David Feld On Lessons From The Finest Hotels

Design and décor lessons I’ve learned from the great hotels of the world.

Sleeping Around
Lessons I’ve learned from the finest hotels in the world.

I have always wanted to live in a grand hotel. My mother probably should not have given me all of those Eloise books. But it’s too late. I’m a hotel whore.

I have bedded down in most of the great metropolitan hotels in the world. A stay at Claridge’s in London feels like going home to Grandma’s (if she were a slightly dotty duchess); the Hassler in Rome, which has a decadent grandeur that is much like the city itself, perches atop the Spanish Steps, providing phenomenal views; at the Oriental in Bangkok, after a 27-hour flight, I was whisked through customs by the hotel management, and my laundry arrived tied with bouquets of lilac orchids. It just doesn’t get any better than that. Or so I thought.

Until recently, I had never stayed in the hotel to end all hotels, the Ritz in Paris. I had never even gone into the bar. It is not as if one might peek casually into the lobby, for it has none. Cesar Ritz, the hotel’s illustrious creator, did this to discourage “riffraff” from loitering about. It works, for it discourages almost everyone from entering, unless you have a room key waiting. I have spent more time in Paris than in any other city, so to not have passed a night at the Ritz was a sinful omission. Last year’s haute couture women’s collections provided reason to book my first stay at the Ritz, ground zero for the spring shows. At $800 a day for a simple room, it wasn’t much more expensive than any other five-star Paris hotel.

Upon my arrival, the assistant manager led me to a pair of rooms that can only be described as “haute boudoir.” Although they were small, their ceilings soared like the 18th-century palace the Ritz once was. A gilt bucket of champagne was chilling, perfect fruits were piled into a large pyramid, and two lovely flower arrangements sat on the coffee table in my tiny sitting room. The desk held a small blue-leather datebook and a stack of stationery, both bearing my initials, embossed in gold. The bed was dressed in peach Porthault linens. My luggage arrived with two cheery maids, who immediately unpacked for me. Clothes that were even slightly wrinkled were whisked away, to be returned a scant hour later, perfectly pressed and stuffed with peach tissue paper.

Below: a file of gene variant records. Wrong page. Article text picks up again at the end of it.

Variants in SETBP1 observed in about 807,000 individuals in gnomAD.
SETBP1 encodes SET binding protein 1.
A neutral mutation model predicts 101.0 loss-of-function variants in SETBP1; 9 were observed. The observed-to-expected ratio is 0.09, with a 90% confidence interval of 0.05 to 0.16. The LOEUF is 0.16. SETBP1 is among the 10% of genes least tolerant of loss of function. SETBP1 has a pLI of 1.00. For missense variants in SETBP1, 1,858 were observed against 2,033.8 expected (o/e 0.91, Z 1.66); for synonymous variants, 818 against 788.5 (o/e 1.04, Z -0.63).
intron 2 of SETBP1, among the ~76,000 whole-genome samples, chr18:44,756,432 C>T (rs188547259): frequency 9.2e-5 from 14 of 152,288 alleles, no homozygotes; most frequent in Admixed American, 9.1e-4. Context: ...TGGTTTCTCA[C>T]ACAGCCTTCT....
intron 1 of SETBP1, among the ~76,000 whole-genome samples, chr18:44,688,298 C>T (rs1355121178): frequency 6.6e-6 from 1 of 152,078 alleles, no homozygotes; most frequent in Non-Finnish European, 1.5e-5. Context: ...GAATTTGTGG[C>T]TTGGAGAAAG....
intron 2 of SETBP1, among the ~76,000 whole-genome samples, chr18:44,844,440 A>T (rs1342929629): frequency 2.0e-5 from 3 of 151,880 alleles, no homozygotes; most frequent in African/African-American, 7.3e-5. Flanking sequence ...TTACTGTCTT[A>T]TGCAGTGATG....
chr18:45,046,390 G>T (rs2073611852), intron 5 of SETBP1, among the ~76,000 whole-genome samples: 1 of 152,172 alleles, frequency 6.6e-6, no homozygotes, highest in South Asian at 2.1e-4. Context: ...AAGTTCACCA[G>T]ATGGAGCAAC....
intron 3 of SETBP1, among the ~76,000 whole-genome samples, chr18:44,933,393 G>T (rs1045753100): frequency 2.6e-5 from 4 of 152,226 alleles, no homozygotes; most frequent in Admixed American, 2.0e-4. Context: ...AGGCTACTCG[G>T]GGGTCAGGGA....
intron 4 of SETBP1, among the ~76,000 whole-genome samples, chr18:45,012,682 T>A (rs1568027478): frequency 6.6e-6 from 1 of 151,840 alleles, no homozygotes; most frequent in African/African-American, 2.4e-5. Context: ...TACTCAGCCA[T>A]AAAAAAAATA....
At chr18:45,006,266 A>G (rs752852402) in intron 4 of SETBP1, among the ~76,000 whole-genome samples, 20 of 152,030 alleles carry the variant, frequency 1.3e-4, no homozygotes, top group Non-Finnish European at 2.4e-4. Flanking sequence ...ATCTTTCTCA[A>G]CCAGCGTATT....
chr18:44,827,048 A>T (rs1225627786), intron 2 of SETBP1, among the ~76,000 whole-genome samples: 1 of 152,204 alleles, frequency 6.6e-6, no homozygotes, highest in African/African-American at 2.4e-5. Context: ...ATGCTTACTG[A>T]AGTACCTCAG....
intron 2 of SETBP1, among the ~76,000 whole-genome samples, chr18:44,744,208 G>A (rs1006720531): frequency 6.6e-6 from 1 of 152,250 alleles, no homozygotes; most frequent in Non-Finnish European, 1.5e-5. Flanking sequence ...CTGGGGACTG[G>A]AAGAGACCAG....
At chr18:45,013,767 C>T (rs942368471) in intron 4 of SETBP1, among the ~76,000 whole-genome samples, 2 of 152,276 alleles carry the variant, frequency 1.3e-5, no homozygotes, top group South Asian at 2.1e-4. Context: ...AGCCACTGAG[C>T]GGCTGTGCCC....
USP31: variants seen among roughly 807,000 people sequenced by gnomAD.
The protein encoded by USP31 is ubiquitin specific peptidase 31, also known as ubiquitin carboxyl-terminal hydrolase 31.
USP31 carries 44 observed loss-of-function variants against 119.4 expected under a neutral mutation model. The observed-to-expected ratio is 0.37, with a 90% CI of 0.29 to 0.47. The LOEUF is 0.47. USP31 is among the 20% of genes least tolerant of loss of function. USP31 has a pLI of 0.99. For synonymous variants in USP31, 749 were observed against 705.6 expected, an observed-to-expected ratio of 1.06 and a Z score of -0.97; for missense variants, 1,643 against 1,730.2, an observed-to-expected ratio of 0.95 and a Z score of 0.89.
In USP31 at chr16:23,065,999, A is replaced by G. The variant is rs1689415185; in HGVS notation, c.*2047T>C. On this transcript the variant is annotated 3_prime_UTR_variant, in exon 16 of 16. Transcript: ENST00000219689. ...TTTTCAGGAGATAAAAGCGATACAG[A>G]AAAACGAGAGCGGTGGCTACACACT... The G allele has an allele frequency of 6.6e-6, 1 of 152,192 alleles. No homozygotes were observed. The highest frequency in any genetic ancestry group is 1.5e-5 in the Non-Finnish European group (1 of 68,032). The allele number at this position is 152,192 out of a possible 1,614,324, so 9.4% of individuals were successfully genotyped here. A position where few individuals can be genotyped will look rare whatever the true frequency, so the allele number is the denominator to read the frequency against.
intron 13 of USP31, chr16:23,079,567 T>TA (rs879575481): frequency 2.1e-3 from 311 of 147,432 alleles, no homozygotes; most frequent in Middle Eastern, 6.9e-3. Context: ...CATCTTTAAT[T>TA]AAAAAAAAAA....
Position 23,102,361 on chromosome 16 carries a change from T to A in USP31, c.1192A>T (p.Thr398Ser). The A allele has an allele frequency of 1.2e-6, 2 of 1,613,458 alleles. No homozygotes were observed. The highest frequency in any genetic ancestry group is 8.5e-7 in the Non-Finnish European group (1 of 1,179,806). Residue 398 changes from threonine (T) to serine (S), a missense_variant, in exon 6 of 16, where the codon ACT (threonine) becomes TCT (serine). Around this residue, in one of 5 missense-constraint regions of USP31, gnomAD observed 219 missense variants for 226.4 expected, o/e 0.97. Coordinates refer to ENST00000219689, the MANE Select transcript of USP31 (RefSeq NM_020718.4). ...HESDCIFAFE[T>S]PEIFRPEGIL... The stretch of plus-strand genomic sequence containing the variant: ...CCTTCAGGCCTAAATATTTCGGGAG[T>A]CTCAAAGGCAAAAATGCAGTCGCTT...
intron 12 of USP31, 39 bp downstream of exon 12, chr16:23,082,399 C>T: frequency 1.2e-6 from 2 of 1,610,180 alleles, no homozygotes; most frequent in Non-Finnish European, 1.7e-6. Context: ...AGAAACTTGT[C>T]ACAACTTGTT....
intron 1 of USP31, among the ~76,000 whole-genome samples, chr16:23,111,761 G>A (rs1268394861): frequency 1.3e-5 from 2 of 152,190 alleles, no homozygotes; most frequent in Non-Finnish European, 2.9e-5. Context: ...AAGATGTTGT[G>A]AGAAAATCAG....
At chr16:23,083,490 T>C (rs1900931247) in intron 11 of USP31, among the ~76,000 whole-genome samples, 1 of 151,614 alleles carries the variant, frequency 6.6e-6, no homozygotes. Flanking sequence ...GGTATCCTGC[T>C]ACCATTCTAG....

My marble bath, although not large, had everything anyone could need. American baths have become obsessively large these days and are often less efficient than the Ritz’s perfectly planned, albeit smaller, one. One of several medicine cabinets was stocked with helpful items I might have forgotten: a nail brush, a fresh comb, bath salts, and a bottle of the Ritz’s own  men’s cologne. There was also a thick terry cloth robe embroidered with my initials. (I was sure they were going to give it to me at checkout, but I was told that it would be stored and put out upon my return.)

The next morning, breakfast arrived with frightening speed (I’d barely hung up the phone). The china was lovely, and there was hot milk for my coffee. On my second day, and every morning thereafter, they remembered to add extra croissants and that I prefer strawberry jam. In the most curious display of attention to detail, my daily newspaper was ironed flat.

The reason people love great hotels is because they actually live better there than they do in their own homes. Which begs the question of why? While the Ritz has a staff of 600 for 200 guests, you and I do not. When I come home every evening, I don’t find a white-satin eiderdown comforter over my bed, plumped pillows, or a mass of fresh towels in my bath. Unlike the snowy robes available for purchase in the hotel gift shop, we can’t pack up our favorite Ritz fille de chambre. Still, our bedrooms and baths should be a place of sanctuary.

We check into hotels to get away, to rest, and to hide out. It takes so very little to accomplish this at home: a freshly turned-back bed, a carafe of spring water on the bedside table, a cluster of flowers in a vase in the bath. A great hotel’s soap is always good, hard milled, and sized correctly (large for the bath, small for the sink). Do likewise at home. It’s demoralizing to slip into a hot bath at the end of a long day, only to find a pathetic little crescent of worn-down Zest in the dish.

The Ritz sorts its signature peach sheets by “vintage” so that the colors all match. How many of us crawl into an unmade bed every night, with a motley variety of mismatched linens? I shudder to think. While we don’t have to be as obsessive about matching colors as the Ritz, a little attention to how the bed is dressed makes the difference between a luxurious night’s rest and a fitful one. Gather your linens up once a week and trot them off to a laundry that specializes in large piece goods, such as Sunshine Laundry on Maple Avenue. You’ll get them back pressed, folded, wrapped in brown paper, and tied with string. The only thing missing is a sprig of lilac orchids.


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